preface: I wrote this in January 2013. My best buddy died in January, 2010. It might seem a bit childish for a middle-aged woman to write a letter to her Gram, but it felt good to do it and to then trim it down for public sharing. I’m not sad, just human, and so I thought I’d write her a note. Thanks for reading a bit of her story…
My Dear Gram in heaven,
It has been three years since I held your hand and said goodbye. You will always be my best buddy. I loved that you joined in with my lingo at some point and started referring to me as your best buddy too. Remember how many day trips we took? Sometimes we’d have a destination in mind, to find a good bench and people-watch, and other times you’d say, “Let’s just drive. Take the long way.” I would get us so lost, and you would try to refrain from giggling at the situation. You made getting lost okay to the point that I didn’t consider us lost after a while. When I drive to any of the places we went together, I smile. When I get lost driving myself somewhere today, I remember your giggle.
We went through so much together, didn’t we? I look back and have no explanation for how I did 90% of what I’ve done other than by the grace of God and the presence of my best buddy, relationships which are in many ways indistinguishable. You were so good to me, Gram. I couldn’t begin to tell you how many things I’ve realized that you taught me, but the gist of it is that most of them have to do with somehow loving someone.
I remember sitting in your doctor’s office the day before Thanksgiving, when Suetta opened the discussion about hospice. We had our discussion, did some paperwork, and went back to the car. I stopped at Dunkins to get coffee for Rachael and me, and vanilla chai for you, and you said, “Let’s just drive. Take the long way.”
I wanted to get us lost because I knew it would be our last drive.
When I remember with every detail those last few days of your life on Earth, what strikes me is the unceasing flow of people whose lives you’d touched. They didn’t actually come to say goodbye. They said, “Thank you.” For those last few days you were allowing people to come say their goodbyes by thanking you one last time for being who you were to them. You were Gram to a lot of people, some I didn’t even know. I felt honored to see the many people to whom you also had come to mean so much.
You asked Rachael and me to stay with you around the clock starting on Sunday. I think you were technically asking me to stay with you, and Rachael to stay with me. Of course you wanted to know that I would be loved in your absence. I’m so glad I was able to assure you of that, and it makes me think of something you asked me. I believe it was the most important question I have ever answered.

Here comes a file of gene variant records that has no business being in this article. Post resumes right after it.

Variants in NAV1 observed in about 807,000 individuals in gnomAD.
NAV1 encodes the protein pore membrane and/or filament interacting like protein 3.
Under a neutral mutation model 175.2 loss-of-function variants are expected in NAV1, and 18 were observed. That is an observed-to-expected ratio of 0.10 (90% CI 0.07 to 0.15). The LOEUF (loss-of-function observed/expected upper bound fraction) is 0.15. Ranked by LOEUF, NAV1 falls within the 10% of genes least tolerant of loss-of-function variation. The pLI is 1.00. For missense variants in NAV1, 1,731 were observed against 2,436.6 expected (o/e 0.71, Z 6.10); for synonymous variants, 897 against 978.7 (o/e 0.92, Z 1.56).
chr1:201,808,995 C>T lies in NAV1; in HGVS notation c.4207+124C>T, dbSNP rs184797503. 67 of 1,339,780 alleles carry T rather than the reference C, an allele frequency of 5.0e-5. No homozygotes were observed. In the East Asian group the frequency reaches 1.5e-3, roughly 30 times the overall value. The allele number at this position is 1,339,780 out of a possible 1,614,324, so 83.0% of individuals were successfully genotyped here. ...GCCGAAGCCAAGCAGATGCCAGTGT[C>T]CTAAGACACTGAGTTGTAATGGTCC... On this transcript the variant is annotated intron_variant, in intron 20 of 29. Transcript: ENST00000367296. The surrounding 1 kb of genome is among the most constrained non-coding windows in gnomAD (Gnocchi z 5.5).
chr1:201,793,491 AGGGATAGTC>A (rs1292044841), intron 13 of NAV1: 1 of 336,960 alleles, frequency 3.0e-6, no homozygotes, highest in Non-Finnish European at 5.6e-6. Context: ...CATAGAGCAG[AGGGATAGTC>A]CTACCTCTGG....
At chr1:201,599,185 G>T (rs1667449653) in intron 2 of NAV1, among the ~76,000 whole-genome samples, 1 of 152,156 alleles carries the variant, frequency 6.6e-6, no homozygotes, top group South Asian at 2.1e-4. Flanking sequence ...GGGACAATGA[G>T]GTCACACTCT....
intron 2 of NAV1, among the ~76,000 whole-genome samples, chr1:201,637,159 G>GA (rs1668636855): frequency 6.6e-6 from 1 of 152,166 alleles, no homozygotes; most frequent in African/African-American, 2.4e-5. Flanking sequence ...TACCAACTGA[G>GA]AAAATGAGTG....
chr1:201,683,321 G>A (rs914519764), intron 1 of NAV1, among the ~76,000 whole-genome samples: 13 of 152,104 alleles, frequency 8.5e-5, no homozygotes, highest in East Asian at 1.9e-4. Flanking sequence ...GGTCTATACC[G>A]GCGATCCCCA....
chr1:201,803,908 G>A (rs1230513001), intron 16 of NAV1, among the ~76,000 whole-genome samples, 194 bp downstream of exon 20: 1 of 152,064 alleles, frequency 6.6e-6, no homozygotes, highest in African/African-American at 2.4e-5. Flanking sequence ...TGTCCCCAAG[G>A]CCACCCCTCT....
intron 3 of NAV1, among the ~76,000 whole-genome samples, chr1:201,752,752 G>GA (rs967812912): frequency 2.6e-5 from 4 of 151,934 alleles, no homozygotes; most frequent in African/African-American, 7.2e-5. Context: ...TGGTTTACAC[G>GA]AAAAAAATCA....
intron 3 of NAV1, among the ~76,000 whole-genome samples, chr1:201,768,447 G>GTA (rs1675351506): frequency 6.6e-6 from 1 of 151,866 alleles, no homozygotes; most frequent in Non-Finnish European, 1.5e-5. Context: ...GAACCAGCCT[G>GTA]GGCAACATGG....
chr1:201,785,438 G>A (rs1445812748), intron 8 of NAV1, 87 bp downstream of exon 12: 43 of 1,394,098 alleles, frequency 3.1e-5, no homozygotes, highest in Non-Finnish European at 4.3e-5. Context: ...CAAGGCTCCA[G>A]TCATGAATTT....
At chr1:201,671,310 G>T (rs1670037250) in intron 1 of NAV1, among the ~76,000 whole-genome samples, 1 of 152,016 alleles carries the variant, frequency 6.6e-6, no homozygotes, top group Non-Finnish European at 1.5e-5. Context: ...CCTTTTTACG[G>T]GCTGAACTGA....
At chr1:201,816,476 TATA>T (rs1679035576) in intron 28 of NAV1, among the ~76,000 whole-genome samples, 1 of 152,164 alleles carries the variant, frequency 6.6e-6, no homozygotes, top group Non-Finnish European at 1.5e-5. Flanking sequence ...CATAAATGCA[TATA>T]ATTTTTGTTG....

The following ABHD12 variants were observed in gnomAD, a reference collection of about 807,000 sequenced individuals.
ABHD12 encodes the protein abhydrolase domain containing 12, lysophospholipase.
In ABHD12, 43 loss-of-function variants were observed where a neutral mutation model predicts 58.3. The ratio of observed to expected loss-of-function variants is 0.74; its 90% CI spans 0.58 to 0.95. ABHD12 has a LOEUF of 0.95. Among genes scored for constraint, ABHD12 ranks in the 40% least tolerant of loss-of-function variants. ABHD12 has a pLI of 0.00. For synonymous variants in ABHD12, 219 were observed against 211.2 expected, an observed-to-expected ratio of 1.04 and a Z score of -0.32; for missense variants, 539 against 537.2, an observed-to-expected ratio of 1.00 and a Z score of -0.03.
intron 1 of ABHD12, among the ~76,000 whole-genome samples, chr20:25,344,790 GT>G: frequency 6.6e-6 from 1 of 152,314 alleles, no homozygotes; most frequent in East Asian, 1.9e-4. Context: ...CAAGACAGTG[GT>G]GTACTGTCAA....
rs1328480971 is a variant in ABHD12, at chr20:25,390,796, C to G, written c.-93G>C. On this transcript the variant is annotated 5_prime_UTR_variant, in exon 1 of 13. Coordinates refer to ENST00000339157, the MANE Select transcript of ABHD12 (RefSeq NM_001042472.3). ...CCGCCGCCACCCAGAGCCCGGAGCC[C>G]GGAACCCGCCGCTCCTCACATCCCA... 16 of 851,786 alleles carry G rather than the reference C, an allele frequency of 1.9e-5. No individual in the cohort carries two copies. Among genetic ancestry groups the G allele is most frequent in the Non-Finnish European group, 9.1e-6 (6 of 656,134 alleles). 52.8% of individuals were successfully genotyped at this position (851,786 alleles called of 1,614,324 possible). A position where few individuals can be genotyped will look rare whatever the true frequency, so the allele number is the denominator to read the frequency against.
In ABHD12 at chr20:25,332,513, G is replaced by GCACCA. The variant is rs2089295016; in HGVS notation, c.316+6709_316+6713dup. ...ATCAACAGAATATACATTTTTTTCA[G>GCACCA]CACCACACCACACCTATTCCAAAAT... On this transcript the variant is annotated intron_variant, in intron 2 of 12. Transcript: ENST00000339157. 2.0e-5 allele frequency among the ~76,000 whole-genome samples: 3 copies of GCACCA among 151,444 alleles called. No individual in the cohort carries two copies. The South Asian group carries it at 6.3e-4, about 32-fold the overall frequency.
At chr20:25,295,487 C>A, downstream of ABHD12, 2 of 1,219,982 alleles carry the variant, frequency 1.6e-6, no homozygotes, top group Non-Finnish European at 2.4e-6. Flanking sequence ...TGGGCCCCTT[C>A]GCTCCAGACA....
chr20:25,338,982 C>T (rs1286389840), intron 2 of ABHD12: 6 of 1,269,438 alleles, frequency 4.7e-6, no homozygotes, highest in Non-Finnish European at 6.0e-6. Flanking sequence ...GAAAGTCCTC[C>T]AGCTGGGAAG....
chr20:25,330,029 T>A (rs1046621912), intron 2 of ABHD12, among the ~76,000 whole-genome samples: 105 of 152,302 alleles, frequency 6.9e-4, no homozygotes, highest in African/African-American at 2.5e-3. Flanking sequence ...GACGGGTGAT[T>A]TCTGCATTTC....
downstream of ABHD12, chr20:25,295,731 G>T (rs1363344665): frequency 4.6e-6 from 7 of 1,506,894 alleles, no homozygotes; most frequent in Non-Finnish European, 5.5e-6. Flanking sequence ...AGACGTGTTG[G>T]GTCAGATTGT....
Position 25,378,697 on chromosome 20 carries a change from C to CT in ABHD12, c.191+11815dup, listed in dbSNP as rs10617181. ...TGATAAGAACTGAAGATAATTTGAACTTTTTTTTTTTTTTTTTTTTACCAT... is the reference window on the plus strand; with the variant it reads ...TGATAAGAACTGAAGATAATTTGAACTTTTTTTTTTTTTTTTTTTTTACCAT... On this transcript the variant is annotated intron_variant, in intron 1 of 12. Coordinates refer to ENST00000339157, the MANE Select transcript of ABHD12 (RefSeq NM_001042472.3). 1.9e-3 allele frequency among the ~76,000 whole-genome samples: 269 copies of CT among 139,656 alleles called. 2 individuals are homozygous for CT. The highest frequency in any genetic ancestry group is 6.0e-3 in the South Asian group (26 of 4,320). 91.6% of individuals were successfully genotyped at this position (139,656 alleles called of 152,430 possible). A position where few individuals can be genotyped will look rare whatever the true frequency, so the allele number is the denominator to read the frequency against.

Because you had come to trust me completely when it came to your medical care and what pills to take and all that, you looked at me while you were struggling with something and asked your last question. “What am I supposed to do?” And I just said it. It came from a place I can’t identify, and without hesitation I said, “Oh, sweetie, you have done everything you were supposed to do.”
Our last conversation began a day later, when you weren’t really awake or thinking right anymore, or so I assumed, and you invited Rachael to tell you about heaven. Oh that gives me chills just remembering it, with that anticipatory smile you gave her. And after everyone in the world who knew you had come to thank you and say goodbye, I went to give you the last drop of medication. I didn’t know whether you could hear us anymore, but in case you could, I’d always tell you what I was going to do. “I’m going to give you some medicine,” I said as I leaned toward you. And your last spoken word was to me as you whispered, “Thanks.”
Well done, thou good and faithful servant. You had done everything you were supposed to do, my friend. I love you with all my heart. I still cry sometimes, not often, but particularly on this here anniversary and on each of our birthdays, and it’s with deep gratitude for everything, just everything. I don’t have any sort of complicated grief. It couldn’t be more simple. We were buddies.